This summer looks to be a promising time for the big blockbusters synonymous with the season. It’s the perfect time to make a trek to the nearest drive-in and see Transformers: Age of Extinction, or perhaps you’d rather dip into the air conditioned theater and see the bigger-than-ever Godzilla towering on the IMAX screen. Dawn of the Planet of the Apes should bring us all back to see a much-beloved group of characters that earned audiences over with few words, mostly grunts, and admirable skills in combat, and The Expendables 3 hopes to do the same. There is a tendency to lose track of the smaller films in the midst of the explosions and CGI creatures, which is why I want to take a bit of time to shed some light on Boyhood, one of my most anticipated films of the year on a level that competes with the blockbusters.
As the trailer shows, Richard Linklater took an unorthodox approach to filming this movie, the likes of which few have attempted before. In 2002, Linklater cast 8-year-old Ellar Coltrane as Mason in a film that follows his journey from childhood into adolescence up until the age of 18, the precipice of adulthood. He shot the film over the next 12 years, allowing Coltrane to portray his character in real time as he aged, along with the actors playing his parents, Patricia Arquette and Linklater’s long-time collaborator Ethan Hawke (who co-wrote the “Before” series of films with Linklater and starred in them).
It’s not unusual to see films that attempt to tell stories which cover an extended scope of time, or to use the same actors to accomplish this. In last year’s Lee Daniels’ The Butler, both Forest Whitaker and Oprah Winfrey play their characters from 1957 to 2008, a span of over 50 years, which is achieved relatively convincingly with minor prosthetics and make-up. CG has been used to make actors appear younger as well, such as this scene from 2010’s Tron Legacy featuring Jeff Bridges squaring up against a younger version of himself. Both of these techniques require some suspension of disbelief, and in my opinion, the latter does end up being a bit creepy. Most often when it comes to children in film, they are cast with different actors at different ages to compensate for the changes that children go through that are too radical to merely fudge over with makeup. What I admire about Linklater’s unconventional choice is that it potentially adds a layer of meaning to the film. If this film means to convey the significance of the formative events of a young boy’s life, it only strengthens that sentiment to portray it to the audience in as authentic a way as possible.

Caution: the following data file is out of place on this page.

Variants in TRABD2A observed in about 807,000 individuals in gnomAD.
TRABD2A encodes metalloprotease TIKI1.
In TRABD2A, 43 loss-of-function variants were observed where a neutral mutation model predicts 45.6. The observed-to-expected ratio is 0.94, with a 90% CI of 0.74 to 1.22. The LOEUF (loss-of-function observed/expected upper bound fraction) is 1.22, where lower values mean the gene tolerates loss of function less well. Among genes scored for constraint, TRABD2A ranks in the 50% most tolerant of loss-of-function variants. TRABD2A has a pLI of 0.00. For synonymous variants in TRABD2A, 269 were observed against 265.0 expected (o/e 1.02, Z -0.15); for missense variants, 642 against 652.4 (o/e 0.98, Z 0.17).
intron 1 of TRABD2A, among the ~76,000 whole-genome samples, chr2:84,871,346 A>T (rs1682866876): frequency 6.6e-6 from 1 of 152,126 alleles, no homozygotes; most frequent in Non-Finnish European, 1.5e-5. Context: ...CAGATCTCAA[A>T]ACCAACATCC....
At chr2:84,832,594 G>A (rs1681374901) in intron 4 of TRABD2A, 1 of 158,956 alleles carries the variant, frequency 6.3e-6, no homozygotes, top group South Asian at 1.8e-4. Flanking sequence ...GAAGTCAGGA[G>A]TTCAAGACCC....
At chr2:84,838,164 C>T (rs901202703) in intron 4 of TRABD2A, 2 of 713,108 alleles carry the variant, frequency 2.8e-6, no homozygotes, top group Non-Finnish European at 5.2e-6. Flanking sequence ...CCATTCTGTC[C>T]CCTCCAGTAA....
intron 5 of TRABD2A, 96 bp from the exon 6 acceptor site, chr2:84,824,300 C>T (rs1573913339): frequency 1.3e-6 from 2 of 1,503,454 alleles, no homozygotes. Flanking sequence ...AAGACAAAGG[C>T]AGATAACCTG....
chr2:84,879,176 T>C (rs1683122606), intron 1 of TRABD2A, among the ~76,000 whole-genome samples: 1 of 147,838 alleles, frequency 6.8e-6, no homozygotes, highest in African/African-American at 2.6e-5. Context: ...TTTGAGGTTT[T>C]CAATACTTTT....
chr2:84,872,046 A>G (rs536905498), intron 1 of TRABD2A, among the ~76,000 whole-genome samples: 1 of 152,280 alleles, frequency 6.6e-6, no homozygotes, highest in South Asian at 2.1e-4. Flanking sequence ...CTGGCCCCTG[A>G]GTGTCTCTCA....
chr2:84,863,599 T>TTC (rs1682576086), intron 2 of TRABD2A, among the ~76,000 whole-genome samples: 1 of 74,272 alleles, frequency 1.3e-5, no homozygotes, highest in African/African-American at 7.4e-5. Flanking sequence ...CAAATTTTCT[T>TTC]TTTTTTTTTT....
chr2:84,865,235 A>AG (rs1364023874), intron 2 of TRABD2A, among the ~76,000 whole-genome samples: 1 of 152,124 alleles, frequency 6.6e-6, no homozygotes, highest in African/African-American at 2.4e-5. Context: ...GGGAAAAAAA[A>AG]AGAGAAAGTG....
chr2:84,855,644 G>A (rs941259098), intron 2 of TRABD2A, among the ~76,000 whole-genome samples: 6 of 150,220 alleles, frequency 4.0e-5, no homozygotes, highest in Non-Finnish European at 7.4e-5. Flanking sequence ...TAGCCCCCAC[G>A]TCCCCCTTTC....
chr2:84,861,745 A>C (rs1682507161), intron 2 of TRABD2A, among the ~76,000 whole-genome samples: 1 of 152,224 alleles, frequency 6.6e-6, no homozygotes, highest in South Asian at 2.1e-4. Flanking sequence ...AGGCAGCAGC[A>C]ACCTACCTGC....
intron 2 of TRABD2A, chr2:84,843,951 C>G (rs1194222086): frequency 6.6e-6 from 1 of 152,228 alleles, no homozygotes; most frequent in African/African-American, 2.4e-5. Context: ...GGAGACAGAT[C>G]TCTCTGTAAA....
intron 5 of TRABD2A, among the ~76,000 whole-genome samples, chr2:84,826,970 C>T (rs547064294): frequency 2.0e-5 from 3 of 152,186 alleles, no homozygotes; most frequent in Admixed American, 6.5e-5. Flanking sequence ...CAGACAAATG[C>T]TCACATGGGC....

I really admire Linklater as both a director and a screenwriter, as he’s been able to do both cerebral and popular films with success, and brings this tender human element to them that really communicates authenticity. His early works like Slacker (1991) and Dazed and Confused (1993) were deftly handled works that drew from American counter-culture and have both become cult favorites in their own right. His interpretation of Philip K. Dick’s A Scanner Darkly (2006) is memorable for it’s unique visuals achieved through rotoscoped animation. Perhaps his most commercial success has been 2003’s School of Rock (which he directed but Napoleon Dynamite’s Mike White penned) which is a far more accessible comedy that still delivers some pretty touching moments between Jack Black’s screw-up substitute and his class. Still, Linklater is at his best when he is uncompromising in his vision, a little off center, and delivering a movie that has a way of convincing you that it is the precise film that you’ve been wanting to watch, even though you never realized it. I’ve spoken more than once about how the phenomenal trilogy of Before Sunrise (1995), Before Sunset (2004), and Before Midnight (2013) have quietly proven themselves to be three of the best contemporary films that examine romance, and they are unquestionable examples of the heartfelt, humanist touch of Linklater’s work.
Early buzz from Boyhood making the festival circuit has been positive, and the rest of us will get to see if we agree with the critics starting July 11th. If you feel like a reprieve from the summertime explosions, keep Boyhood in mind.
Are there any smaller films that you’re looking forward to seeing this year? What are your most anticipated, big or small? Drop a comment below, and please share if you enjoyed reading.